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Showing results for tags 'High Key'.
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Hey everyone, so I'll be DP'ing a project this upcoming weekend. I'm thinking of using a LED Tener and a couple of the LED Seniors to use as my main sources of daylight. I'm trying to keep it consistent throughout the day because it's one scene happening within an hour. The units will be shooting into Ultra Bounce's and going in through the windows that will have warm sheers. I'm wondering if the Tener and Seniors will be capable of giving me a good amount of light within the interiors. Going for a High Key Soft Look. Ideally looking to shoot at a 4-5.6 if possible so I'm wondering if theses units can help me. I've drawn and attached an overhead as to what I had planned.
Hey everybody. Coming up this week I'm going to be shooing a commercial for a company that makes granite table tops and was hoping to get some thoughts on how to light it. The idea is that we'll be shooting overhead looking down as we see hands on the counter doing different day to day tasks. For example, we will start with one counter top as we see a hand throw some keys on the counter, cut to a different one as we see someone else's hands preparing food, then another as we see the hands of a kid playing with a toy car, and so forth. I'm curious as to how some of you guys might tackle lighting this. I'm imagining high key, soft lighting. Obviously I can't use a soft overhead source because my camera will be in the way, and I'm a bit concerned about distracting reflections on the counter top. I have a few Arri fresnels, Lowel Pro's, Omni's, and a Tota available to use. At the moment, I'm thinking along he lines of shooting a 650 Fresnel through some kind of diffusion to the side, maybe even a book light, but I'd love to hear your suggestions. Thanks!
Hey guys, going to be shooting a spoof of a cooking show for a music video. I'm sure we all know the "look". Seems to be evenly lit, bright lighting, minimal shadows, relatively flat. How are these cooking shows normally lit? I assume alot of large soft sources from above shining down? I'll be trying to replicate this (on a budget of course) and looking for the best way to do it. Anyone with experience on these types of set have advice? We are going to use a lookalike for martha stewart, paula dean, or rachel ray, I'm not sure which one yet. I've attached pics, but you can google "cooking show"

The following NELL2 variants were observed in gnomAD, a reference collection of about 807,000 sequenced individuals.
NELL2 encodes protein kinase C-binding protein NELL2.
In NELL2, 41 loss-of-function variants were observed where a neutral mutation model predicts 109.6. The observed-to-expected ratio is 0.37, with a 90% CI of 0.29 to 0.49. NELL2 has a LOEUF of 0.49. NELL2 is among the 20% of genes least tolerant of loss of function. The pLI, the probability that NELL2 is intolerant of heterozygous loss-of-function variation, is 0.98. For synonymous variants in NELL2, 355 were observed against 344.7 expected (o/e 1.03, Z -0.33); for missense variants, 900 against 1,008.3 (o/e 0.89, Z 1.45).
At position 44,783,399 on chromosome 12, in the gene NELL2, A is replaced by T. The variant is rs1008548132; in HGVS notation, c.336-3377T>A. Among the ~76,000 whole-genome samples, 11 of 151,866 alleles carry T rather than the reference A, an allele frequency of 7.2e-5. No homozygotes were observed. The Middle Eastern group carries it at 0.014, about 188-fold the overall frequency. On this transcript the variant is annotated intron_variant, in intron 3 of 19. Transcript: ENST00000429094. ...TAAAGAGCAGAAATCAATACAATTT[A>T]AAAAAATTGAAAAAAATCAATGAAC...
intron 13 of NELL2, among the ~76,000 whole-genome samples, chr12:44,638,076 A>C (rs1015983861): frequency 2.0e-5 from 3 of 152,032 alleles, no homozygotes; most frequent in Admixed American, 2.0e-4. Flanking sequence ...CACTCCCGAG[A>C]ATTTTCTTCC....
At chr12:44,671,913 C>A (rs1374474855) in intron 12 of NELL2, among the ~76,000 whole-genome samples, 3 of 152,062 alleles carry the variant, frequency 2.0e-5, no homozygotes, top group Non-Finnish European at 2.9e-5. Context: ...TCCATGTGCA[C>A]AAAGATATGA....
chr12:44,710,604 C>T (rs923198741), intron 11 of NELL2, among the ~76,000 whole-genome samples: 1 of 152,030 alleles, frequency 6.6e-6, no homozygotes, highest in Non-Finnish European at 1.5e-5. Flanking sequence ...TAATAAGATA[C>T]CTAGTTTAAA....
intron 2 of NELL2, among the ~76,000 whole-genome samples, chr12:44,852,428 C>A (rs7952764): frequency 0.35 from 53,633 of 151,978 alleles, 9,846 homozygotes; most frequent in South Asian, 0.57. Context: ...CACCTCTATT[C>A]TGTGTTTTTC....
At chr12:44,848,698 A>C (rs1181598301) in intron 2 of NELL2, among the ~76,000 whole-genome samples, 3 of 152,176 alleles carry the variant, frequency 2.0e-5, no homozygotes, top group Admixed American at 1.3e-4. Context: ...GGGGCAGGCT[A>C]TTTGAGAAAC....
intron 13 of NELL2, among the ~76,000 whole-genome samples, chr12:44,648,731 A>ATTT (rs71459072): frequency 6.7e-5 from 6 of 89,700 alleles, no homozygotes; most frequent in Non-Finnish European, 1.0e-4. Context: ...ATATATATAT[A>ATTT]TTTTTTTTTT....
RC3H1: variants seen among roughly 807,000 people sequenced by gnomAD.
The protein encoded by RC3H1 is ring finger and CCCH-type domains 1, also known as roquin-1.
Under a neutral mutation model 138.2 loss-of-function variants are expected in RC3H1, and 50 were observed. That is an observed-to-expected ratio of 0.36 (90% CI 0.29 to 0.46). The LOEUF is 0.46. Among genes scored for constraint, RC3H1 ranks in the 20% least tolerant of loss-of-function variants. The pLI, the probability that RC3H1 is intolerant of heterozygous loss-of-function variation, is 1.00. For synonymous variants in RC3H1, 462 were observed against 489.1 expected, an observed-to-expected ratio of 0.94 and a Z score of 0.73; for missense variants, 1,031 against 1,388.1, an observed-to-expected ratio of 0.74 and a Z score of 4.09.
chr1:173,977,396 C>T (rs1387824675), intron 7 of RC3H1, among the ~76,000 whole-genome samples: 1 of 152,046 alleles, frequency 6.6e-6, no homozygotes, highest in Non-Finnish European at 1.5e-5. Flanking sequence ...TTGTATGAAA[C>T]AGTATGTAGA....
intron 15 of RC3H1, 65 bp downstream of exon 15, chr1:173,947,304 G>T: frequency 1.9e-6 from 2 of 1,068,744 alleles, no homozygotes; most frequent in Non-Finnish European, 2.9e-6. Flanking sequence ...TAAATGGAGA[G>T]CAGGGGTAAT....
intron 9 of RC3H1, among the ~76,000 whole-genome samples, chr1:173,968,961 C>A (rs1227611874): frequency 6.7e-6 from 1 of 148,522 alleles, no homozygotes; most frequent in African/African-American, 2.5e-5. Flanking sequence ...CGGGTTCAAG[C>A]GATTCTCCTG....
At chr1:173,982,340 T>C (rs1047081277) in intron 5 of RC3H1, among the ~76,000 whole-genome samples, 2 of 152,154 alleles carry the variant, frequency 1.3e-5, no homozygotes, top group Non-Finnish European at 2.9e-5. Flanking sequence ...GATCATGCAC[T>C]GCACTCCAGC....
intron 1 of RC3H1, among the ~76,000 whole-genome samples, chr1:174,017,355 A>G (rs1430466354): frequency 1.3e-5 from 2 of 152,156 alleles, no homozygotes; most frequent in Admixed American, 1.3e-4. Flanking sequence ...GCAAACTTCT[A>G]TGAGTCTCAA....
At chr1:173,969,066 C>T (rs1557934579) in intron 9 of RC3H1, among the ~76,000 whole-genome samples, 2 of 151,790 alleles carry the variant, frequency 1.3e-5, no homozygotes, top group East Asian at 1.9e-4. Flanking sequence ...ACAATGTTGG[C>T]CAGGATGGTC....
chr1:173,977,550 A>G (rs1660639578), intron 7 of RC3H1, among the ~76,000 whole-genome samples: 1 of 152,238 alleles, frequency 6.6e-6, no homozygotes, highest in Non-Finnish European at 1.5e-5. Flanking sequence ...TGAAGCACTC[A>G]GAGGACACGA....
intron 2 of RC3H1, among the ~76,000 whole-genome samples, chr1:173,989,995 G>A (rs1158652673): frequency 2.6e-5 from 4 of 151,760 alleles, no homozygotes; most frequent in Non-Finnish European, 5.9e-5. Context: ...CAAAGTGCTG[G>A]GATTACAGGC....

Hi guys, Been following the forum for ages but never actually managed to ask anything so here it is. I was given the opportunity to light and shoot a small online promo for a new water company about their flavoured water. The moto basically is "water with a twist". You know Children find water boring. But it’s good for them. They expect coke, sprite, orange juice, squash ... anything but Hate2O! I have never shot a commercial/promo with kids and never ever lit for a classic high key, bright white commercial look that you can find all the time when promoting a new yogurt, or food, or etc. mainly kitchen based shoots. And yeah most of our shoot will be kitchen and lounge/dinning area based. Children putting water aside, drinking it and making weird face, until they get the new "flavoured water" and boom they love it and wanna drink more, etc, etc. These are the possible locations but I still havent decided on which to choose from. http://www.locationworks.com/private.php?page=15852&location=1 On the left side you can view like 26 houses. Not sure if having huge big windows will work or not in my favour. Its winter and sunset in the UK is at 3.45pm... not sure which one to choose from yet. maybe small windows will not be ideal but having those bigger windows will work against me as well. I was planning on using book light technique for this promo. if you guys have any tips on how to best light an high key kitchen promo or have any tips from previous shoots please do shout. I want to avoid making it look flat and boring, which i know its easy to achieve when trying a high key style shoot. I wanted to make it look light and airy. Cheers for your help Pedro Lighting camera op